fanbelt, 1949: a man without skates is a pretty inadequate citizen on the ice

All Rise: Ken Reardon and Leo Gravelle have one of their days in court in November of 1949. That’s Reardon at centre, with Gravelle to his left, by the man in the bowtie and glasses. Complainants (and brothers) Anthony and John Scornavacco are the moustached pair on Reardon’s right (not sure which is which). Peter Zarillo is in there, too. Presiding (that’s the top of his head, presumably) is Judge Joseph B. Hermes.

“No comment,” Clarence Campbell said in November of 1949 in the wake of the rhubarbary in Chicago that saw two Montreal players, Ken Reardon and Leo Gravelle, arrested and jailed. The NHL president said that he wouldn’t have anything to say until he’d heard from referee Bill Chadwick.

Other than, well, he did want to warn fans. On that, yes, he had comment. “If people go looking for trouble,” he said, “they’ll always get it.” He was talking to George Grbich, I guess, who’d leapt to ice after being struck and bloodied by Reardon’s stick. “There’s simple protection for him if he stays in the seat allotted to him. And anyway, a man without skates is a pretty inadequate citizen on the ice.”

“No fans need get involved unless they choose to do so.”

The game in Chicago was on the Wednesday. Friday, when Canadiens arrived back in Montreal, Campbell invited Reardon, Gravelle, and Billy Reay to pay him a visit at his office in the Sun Life Building. Reay had swung his stick, too, in Chicago, and taken a penalty, but avoided arrest. The meeting wrapped up without any statement forthcoming for press or public.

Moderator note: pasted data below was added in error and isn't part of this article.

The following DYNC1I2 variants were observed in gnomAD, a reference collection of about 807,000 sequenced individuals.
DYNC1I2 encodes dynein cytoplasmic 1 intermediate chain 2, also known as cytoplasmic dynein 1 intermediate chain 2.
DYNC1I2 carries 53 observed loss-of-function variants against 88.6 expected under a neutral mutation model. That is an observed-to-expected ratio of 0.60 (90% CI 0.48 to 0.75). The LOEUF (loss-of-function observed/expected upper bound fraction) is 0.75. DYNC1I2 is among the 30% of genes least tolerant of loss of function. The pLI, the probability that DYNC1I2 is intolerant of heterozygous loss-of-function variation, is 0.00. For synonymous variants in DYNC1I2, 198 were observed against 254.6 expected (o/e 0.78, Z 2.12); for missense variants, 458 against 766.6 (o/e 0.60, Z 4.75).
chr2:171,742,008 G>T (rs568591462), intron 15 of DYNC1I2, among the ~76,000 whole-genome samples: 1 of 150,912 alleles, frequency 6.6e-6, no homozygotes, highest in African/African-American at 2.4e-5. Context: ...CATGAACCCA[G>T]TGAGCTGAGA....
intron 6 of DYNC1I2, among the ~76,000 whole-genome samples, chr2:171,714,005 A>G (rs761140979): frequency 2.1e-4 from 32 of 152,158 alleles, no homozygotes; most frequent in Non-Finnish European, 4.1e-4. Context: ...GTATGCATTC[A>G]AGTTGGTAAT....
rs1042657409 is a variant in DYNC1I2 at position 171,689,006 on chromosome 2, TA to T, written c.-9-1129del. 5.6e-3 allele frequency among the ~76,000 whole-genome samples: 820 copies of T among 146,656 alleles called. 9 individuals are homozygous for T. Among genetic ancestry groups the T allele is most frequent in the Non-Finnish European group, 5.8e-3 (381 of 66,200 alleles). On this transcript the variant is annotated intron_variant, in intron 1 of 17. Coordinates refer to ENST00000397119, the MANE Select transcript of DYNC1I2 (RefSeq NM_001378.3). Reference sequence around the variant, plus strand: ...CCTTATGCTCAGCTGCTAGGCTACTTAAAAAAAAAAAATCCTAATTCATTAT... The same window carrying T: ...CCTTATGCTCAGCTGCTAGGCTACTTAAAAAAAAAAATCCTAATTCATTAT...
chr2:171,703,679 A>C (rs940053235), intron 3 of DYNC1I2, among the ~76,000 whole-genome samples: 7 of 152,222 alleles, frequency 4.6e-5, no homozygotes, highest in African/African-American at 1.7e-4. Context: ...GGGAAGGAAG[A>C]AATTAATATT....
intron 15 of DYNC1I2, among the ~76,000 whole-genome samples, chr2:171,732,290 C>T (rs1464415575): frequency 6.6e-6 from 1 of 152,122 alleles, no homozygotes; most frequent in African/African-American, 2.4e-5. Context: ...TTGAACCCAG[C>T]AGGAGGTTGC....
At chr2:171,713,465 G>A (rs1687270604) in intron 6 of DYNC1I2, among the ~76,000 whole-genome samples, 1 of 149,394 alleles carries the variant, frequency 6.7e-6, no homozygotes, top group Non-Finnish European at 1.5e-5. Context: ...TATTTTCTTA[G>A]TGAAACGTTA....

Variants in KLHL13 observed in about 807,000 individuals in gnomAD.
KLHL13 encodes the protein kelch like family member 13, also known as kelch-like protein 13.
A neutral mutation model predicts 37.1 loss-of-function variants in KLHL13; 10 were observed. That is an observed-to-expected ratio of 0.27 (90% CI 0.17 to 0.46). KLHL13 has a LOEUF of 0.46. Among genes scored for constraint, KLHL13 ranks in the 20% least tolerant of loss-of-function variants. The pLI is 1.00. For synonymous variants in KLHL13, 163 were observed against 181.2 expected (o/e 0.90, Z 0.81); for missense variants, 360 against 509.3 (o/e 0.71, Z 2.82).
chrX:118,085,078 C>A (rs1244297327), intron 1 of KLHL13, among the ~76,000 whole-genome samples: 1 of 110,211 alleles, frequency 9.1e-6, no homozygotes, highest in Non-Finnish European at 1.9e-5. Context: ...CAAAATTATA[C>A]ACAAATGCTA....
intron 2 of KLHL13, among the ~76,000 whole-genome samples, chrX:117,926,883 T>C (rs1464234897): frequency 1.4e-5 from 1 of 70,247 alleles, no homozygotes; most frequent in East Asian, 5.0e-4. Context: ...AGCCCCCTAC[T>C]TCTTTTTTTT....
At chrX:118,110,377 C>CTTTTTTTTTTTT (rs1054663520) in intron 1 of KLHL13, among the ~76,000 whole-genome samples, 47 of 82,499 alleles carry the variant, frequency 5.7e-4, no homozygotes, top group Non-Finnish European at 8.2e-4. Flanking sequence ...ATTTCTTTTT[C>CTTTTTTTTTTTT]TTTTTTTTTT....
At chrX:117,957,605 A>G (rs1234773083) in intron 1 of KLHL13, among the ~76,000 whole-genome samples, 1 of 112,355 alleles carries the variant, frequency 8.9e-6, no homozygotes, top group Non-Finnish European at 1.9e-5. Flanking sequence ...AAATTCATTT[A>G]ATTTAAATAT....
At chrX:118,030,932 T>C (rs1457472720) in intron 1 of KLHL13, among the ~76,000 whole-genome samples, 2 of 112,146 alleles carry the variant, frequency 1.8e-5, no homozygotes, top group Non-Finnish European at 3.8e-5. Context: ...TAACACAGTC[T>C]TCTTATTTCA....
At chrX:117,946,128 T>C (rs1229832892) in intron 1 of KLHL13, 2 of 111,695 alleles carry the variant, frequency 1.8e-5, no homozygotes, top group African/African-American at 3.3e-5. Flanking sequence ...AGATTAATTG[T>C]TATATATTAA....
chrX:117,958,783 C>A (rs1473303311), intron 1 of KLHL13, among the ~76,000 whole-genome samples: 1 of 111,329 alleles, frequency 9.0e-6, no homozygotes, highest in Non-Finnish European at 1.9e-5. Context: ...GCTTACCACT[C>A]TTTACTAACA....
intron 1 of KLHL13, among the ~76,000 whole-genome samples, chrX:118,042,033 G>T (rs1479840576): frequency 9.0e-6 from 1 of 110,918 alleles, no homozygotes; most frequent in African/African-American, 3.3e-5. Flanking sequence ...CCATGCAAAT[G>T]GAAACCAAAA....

“There should be better protection along the rinkside for players from fans,” said Dick Irvin, Canadiens’ coach. His view, other than that the whole business “was really not much,” was that it was all accidental. Well, the damage to George Grbich, at least. Irvin:

“Grbich stood up in his seat with one foot on the railing, reached over the netting which fronts the promenade seats and grabbed Kenny Reardon by the shoulder-pad. The pad was pulled off the shoulder. Reardon went off-balance, swung around and his stick struck Grbich on the head.

“It opened quite a cut and friends of the spectator started to swarm over the netting and out on the ice.”

That was when Gravelle got involved, waggling his stick. “But,” Irvin said, “he didn’t hurt anybody and neither did Billy Reay who took a cut at one of these jerks but missed him.”

Irvin had news, too, of Grbich having come around to the Montreal dressing room after the game for a chat and some forgiveness. Head bandaged, blood on his lapels, Grbich said he was a Czech who’d played hockey back home. Said, too, as Irvin heard it, that “he was a great admirer of Reardon, really meaning to wish him well — but we figured this was a lot of baloney.”